Pregnancy Induced Hypertension
Alternative names :- Toxemia, Preeclampsia
Pregnancy-induced hypertension (PIH), also known - although incorrectly - as toxemia of pregnancy, is a potentially life-threatening disorder that usually develops late in the second trimester or in the third trimester. Preeclampsia, the non convulsive form of PIH, develops in about 7% of pregnancies. Preeclampsia may be mild or severe, and the incidence is significantly higher in low socioeconomic groups. Eclampsia is the convulsive form of PIH. About 5 % of females with preeclampsia develop eclampsia; of these, about 15 % die from PIH itself or its complications. I Fetal mortality is high due to the increased incidence of premature delivery and uteroplacental insufficiency.
Causes of Pregnancy Induced Hypertension
The cause of PIH is unknown; however, geographic, ethnic, racial, nutritional, inmtunologic, and familial factors as well as preexisting cardiovascular disease (such as diabetes mellitus, hypertension, and hyperlipidemia) may contribute to its development. Age is also a risk factor for PIH. Printiparas over age 35 and those women with large placentas from multiple pregnancies are at higher risk for preeclampsia.
Signs and symptoms of Pregnancy Induced Hypertension
Mild preeclampsia generally produces:
Severe preeclampsia is marked by increased hypertension and proteinuria, eventually leading to the devel. opment of oliguria. HELLP syndrome (hemolysis, elevated liver enzymes, and low platelets) is a severe variant of preeclampsia. Other symptoms that may indicate worsening preeclampsia include blurred vision due to retinal arteriolar spasms, epigastric pain or heartburn, and severe frontal headache.
In eclampsia, all the clinical manifestations of preeclampsia are magnified and are associated with seizures and, possibly, coma, premature labor, stillbirth, renal failure, and hepatic damage.
Diagnosis of Pregnancy Induced Hypertension includes:
The following findings suggest mild preeclampsia:
Typical clinical features especially seizures with typical findings for severe preeclampsia strongly suggest eclampsia. Ophthalmoscopic examination may reveal vascular spasm, papilledema, retinal edema or detachment, and arteriovenous nicking or hemorrhage.
Real-time ultrasonography, stress and nonstress tests, and biophysical profiles evaluate fetal status. In the stress test, oxytocin is administered to stimulate contractions and then fetal heart tones are monitored electronically. In the non stress test, fetal heart tones are monitored electronically during periods of fetal activity without oxytocin stimulation. Electronic monitoring reveals stable or increased fetal heart tones during periods of fetal activity.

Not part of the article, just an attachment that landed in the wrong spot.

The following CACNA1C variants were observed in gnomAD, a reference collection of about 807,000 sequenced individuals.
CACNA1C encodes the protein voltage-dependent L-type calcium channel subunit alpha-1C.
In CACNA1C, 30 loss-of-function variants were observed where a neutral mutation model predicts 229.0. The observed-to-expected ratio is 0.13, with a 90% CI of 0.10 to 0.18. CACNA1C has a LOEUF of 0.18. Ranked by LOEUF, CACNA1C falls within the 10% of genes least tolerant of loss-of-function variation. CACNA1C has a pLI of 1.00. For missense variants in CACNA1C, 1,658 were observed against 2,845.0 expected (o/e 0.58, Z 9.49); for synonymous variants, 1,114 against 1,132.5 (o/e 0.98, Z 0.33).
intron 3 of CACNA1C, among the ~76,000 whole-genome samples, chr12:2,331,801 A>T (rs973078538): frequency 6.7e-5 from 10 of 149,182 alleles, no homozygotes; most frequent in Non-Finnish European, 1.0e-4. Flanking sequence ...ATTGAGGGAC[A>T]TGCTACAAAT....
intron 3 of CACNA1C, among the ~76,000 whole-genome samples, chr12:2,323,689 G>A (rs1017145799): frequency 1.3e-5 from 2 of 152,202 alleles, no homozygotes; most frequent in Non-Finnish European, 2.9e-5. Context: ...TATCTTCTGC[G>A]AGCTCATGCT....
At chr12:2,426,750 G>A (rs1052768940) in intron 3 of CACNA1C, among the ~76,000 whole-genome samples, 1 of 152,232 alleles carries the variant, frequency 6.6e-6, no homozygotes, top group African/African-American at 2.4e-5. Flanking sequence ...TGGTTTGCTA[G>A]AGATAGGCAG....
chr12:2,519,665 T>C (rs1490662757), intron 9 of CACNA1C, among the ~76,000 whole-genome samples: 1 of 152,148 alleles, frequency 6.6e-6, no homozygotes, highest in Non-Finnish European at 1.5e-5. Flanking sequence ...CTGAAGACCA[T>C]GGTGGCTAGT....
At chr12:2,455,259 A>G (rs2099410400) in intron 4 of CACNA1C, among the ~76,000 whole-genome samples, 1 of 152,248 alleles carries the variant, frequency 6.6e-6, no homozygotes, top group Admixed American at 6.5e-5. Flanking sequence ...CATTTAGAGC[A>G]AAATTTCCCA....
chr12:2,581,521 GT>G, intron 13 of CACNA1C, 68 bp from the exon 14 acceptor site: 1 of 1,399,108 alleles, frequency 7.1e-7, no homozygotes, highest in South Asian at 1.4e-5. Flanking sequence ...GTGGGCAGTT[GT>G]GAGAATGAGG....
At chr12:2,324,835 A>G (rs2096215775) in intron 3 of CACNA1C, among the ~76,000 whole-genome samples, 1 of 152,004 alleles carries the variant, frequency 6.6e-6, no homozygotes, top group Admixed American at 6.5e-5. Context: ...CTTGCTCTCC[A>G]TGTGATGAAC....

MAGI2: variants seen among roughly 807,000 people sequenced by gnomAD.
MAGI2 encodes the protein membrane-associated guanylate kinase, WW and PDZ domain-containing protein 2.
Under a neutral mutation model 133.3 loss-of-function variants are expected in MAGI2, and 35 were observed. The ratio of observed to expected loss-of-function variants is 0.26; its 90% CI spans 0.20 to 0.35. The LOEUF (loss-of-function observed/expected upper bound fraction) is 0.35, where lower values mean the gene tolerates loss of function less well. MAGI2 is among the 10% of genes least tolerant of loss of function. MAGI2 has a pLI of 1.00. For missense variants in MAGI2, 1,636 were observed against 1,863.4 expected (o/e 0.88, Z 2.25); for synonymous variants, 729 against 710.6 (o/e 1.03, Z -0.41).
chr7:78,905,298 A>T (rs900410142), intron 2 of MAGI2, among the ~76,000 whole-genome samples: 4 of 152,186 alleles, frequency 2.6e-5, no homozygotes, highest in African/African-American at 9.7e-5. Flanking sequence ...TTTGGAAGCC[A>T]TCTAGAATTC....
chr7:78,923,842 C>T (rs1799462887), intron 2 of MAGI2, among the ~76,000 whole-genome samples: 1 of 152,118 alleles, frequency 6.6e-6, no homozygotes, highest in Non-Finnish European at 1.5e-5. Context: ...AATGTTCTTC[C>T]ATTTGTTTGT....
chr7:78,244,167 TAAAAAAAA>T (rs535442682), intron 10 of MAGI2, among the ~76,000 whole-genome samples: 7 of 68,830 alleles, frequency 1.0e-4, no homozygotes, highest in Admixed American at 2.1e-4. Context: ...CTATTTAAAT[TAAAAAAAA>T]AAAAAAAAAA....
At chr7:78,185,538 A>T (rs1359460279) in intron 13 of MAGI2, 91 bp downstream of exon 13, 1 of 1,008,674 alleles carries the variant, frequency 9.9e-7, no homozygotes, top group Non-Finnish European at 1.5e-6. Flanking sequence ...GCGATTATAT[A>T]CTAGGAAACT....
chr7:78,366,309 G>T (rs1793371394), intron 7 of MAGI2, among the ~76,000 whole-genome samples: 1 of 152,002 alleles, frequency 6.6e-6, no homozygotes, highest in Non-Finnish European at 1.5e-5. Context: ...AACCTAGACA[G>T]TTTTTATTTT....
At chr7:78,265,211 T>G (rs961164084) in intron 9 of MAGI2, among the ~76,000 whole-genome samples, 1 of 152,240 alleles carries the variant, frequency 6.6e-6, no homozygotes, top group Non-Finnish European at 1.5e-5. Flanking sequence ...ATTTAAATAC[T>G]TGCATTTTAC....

Ultrasonography aids evaluation of fetal health by assessing fetal breathing movements, gross body movements, fetal tone, reactive fetal heart rate, and qualitative amniotic fluid volume.
Pregnancy Induced Hypertension treatment
Therapy for preeclampsia is designed to halt the disorder's progress specifically, the early effects of eclampsia, such as seizures, residual hypertension, and renal shutdown and ensure fetal survival. Some physicians advocate the prompt induction of labor, especially if the patient is near term; others may take a more conservative approach. Therapy may include anticonvulsants (such as magnesium sulfate), along with complete bed rest, to relieve anxiety, reduce hypertension, and evaluate response to therapy. Antihypertensive therapy doesn't alter the potential for developing eclampsia. Diuretics aren't appropriate during pregnancy.
If the patient's blood pressure fails to respond to bed rest and sedation and persistently rises above 160/ 100 mm Hg, or if CNS irritability increases, magnesium sulfate may produce general sedation, promote diuresis, and prevent seizures. Cesarean birth or oxytocin induction may be required to terminate the pregnancy.
Emergency treatment of eclamptic seizures consists of immediate administration of magnesium sulfate I.V., oxygen administration, and continuous electronic fetal monitoring. After the seizures subside and the patient's condition stabilizes, delivery should proceed with induction of labor or cesarean birth, depending on the circumstances.
Pregnancy Induced Hypertension Complications
Pregnancy induced hypertension may develop into eclampsia , the occurrence of seizures. Fetal complications may occur because of prematurity at time of delivery.
Cosmetics Home || Beauty & Cosmetics Articles || Contact Us || Cosmetics Shopping
(c)Copyright Bestincosmetics.com All rights reserved.